Climate change wreaks havoc on livelihoods in Ethiopia’s Somali region
As day breaks across Ethiopia’s Somali region, Sadiq Gedi heads out across the dried-up riverbed on a quest for an oasis in the desert. Sadiq is accompanied by four of his children, who he recently had to pull out of school because he could no longer afford the fees. As he carries a yellow jerrycan in each hand, the children chatter and kick empty plastic bottles along the way.
After five kilometres or so, they join their neighbours to shelter under a tree from the heat of the rising sun and wait for the local-authority water truck to arrive. As soon as the faint roar of an engine can be heard in the distance, there’s a rapturous round of applause. The five 20-litre jerrycans will be the 42-year-old and his family’s only source of water for the next week, or until the truck comes again.
For these residents of Dollo Bay, life can be a constant struggle even at the best of times. The income they earn from raising livestock is barely enough to feed Sadiq’s 12 children, and drought conditions are pushing them to the brink.
“It’s been so long since we’ve had enough water for farming, I can’t remember,” says Sadiq. “But now the river has entirely dried up, we are lacking the water to drink and eat. We only have enough to cook once a day.”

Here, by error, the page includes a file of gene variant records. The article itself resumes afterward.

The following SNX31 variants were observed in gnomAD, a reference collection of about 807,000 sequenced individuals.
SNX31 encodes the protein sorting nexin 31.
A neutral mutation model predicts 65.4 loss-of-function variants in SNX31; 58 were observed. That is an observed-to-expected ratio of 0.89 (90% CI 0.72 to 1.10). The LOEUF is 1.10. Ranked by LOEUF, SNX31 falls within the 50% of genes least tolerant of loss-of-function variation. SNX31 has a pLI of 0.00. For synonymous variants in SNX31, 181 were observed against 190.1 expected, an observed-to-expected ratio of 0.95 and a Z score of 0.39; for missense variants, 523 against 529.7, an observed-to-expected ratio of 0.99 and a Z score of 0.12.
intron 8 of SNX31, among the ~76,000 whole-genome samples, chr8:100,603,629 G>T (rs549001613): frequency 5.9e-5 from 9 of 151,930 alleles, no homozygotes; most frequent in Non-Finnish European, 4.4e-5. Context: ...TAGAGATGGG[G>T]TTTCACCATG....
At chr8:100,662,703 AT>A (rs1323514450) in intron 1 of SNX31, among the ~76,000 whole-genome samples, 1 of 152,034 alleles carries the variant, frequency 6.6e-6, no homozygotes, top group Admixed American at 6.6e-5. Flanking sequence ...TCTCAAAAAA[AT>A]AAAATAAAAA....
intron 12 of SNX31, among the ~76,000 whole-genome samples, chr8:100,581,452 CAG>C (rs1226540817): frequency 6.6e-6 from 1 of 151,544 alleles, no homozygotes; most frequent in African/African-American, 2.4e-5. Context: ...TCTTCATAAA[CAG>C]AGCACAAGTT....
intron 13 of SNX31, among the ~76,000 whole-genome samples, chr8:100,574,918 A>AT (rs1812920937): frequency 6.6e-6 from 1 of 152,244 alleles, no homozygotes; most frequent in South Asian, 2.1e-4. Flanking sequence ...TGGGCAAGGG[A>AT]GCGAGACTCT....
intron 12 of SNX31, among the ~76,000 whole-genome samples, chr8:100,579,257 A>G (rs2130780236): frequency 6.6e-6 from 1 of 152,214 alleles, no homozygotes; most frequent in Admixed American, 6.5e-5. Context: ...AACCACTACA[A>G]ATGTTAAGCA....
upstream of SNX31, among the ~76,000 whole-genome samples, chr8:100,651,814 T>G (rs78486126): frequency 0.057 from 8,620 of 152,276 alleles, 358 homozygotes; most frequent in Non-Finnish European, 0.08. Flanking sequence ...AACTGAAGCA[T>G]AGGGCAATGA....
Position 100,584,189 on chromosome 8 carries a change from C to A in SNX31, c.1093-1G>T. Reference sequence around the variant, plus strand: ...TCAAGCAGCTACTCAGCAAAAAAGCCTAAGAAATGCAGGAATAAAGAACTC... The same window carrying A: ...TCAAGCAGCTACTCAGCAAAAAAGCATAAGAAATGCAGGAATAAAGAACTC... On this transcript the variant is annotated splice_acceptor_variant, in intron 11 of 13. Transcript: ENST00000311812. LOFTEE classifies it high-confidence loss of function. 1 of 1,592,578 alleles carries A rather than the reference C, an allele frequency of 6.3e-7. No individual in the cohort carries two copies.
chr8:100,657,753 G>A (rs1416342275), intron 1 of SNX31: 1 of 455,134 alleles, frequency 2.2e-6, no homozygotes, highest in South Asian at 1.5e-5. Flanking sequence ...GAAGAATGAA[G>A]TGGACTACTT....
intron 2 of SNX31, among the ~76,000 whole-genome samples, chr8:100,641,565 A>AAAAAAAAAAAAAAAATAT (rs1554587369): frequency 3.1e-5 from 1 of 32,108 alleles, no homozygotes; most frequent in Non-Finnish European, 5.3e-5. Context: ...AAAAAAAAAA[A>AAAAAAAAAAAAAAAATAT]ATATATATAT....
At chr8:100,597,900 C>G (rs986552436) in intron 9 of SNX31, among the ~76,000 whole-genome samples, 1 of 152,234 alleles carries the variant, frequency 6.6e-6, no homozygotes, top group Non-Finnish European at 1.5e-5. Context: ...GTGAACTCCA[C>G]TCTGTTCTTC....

Sadiq says they are “luckier than some” as they receive wheat, split peas, and cooking oil from the World Food Programme, as well as water from the local water authority.
He adds: “I’ve seen others suffering because of hunger. People are very thin and too weak to walk.”
In Ethiopia, there are an estimated 12.9 million people experiencing high levels of food insecurity, according to the latest IPC analysis.
Two million of the most food-insecure Ethiopians live in the Somali region, where the majority of families depend on agriculture and livestock, living harvest-to-harvest.
Four consecutive years of drought, followed by the poor hagaya-deyr (the short rainy season from October to December which communities were holding out for), have led to significant production losses in southern pastoral areas during the belg (February to April agricultural season).
The drought has also affected the health, quality and prices of livestock. Coupled with high staple food prices, this has led to widespread food insecurity.
In a cruel twist of fate, at the start of May, the Somali region’s drought turned into flash floods overnight. The rain fell suddenly and forcefully. Some parts of the region saw as much rain in a day as they normally would receive in a whole month.
Weak and malnourished, livestock were washed away, crops were obliterated, and pastoralists saw their entire livelihoods disappear before their eyes. In Shabelle, one of nine zones in Ethiopia’s Somali region, the river has overflowed for over a month — displacing around 15,000 families and wiping out over 3,000 cattle, goats and sheep.
According to Mohammed Khalif Hujal, the local administrator of Dollo Ado woreda (district), the changing climate is forcing families like Sadiq’s into chronic vulnerability with nowhere left to turn.